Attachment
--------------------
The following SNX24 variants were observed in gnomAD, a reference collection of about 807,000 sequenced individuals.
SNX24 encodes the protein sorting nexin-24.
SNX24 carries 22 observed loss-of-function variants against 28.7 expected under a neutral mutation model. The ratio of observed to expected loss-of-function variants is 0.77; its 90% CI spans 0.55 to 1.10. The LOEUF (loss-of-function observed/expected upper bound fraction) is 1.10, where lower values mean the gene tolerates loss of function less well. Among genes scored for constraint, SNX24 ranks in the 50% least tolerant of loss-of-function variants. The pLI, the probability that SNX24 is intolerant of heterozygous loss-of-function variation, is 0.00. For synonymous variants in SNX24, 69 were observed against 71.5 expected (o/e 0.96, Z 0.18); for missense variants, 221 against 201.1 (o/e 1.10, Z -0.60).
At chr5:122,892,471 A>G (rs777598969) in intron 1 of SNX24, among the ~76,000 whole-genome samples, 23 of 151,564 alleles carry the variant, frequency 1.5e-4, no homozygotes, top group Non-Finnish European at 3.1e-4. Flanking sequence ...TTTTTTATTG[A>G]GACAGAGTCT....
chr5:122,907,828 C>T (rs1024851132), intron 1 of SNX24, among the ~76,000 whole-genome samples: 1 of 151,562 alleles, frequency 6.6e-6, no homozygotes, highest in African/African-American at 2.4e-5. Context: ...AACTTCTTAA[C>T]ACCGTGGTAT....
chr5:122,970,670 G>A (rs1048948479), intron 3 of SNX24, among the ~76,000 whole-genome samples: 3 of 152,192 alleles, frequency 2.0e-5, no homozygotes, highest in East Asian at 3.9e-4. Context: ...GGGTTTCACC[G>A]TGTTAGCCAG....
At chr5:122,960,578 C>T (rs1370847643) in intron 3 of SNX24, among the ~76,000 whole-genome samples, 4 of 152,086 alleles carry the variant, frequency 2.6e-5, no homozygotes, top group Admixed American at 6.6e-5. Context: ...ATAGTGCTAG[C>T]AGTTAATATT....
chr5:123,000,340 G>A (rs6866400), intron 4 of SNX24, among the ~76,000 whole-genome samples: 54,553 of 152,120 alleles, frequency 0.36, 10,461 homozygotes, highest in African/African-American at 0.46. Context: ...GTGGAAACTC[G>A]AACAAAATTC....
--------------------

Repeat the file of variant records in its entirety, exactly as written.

The following SNX24 variants were observed in gnomAD, a reference collection of about 807,000 sequenced individuals.
SNX24 encodes the protein sorting nexin-24.
SNX24 carries 22 observed loss-of-function variants against 28.7 expected under a neutral mutation model. The ratio of observed to expected loss-of-function variants is 0.77; its 90% CI spans 0.55 to 1.10. The LOEUF (loss-of-function observed/expected upper bound fraction) is 1.10, where lower values mean the gene tolerates loss of function less well. Among genes scored for constraint, SNX24 ranks in the 50% least tolerant of loss-of-function variants. The pLI, the probability that SNX24 is intolerant of heterozygous loss-of-function variation, is 0.00. For synonymous variants in SNX24, 69 were observed against 71.5 expected (o/e 0.96, Z 0.18); for missense variants, 221 against 201.1 (o/e 1.10, Z -0.60).
At chr5:122,892,471 A>G (rs777598969) in intron 1 of SNX24, among the ~76,000 whole-genome samples, 23 of 151,564 alleles carry the variant, frequency 1.5e-4, no homozygotes, top group Non-Finnish European at 3.1e-4. Flanking sequence ...TTTTTTATTG[A>G]GACAGAGTCT....
chr5:122,907,828 C>T (rs1024851132), intron 1 of SNX24, among the ~76,000 whole-genome samples: 1 of 151,562 alleles, frequency 6.6e-6, no homozygotes, highest in African/African-American at 2.4e-5. Context: ...AACTTCTTAA[C>T]ACCGTGGTAT....
chr5:122,970,670 G>A (rs1048948479), intron 3 of SNX24, among the ~76,000 whole-genome samples: 3 of 152,192 alleles, frequency 2.0e-5, no homozygotes, highest in East Asian at 3.9e-4. Context: ...GGGTTTCACC[G>A]TGTTAGCCAG....
At chr5:122,960,578 C>T (rs1370847643) in intron 3 of SNX24, among the ~76,000 whole-genome samples, 4 of 152,086 alleles carry the variant, frequency 2.6e-5, no homozygotes, top group Admixed American at 6.6e-5. Context: ...ATAGTGCTAG[C>T]AGTTAATATT....
chr5:123,000,340 G>A (rs6866400), intron 4 of SNX24, among the ~76,000 whole-genome samples: 54,553 of 152,120 alleles, frequency 0.36, 10,461 homozygotes, highest in African/African-American at 0.46. Context: ...GTGGAAACTC[G>A]AACAAAATTC....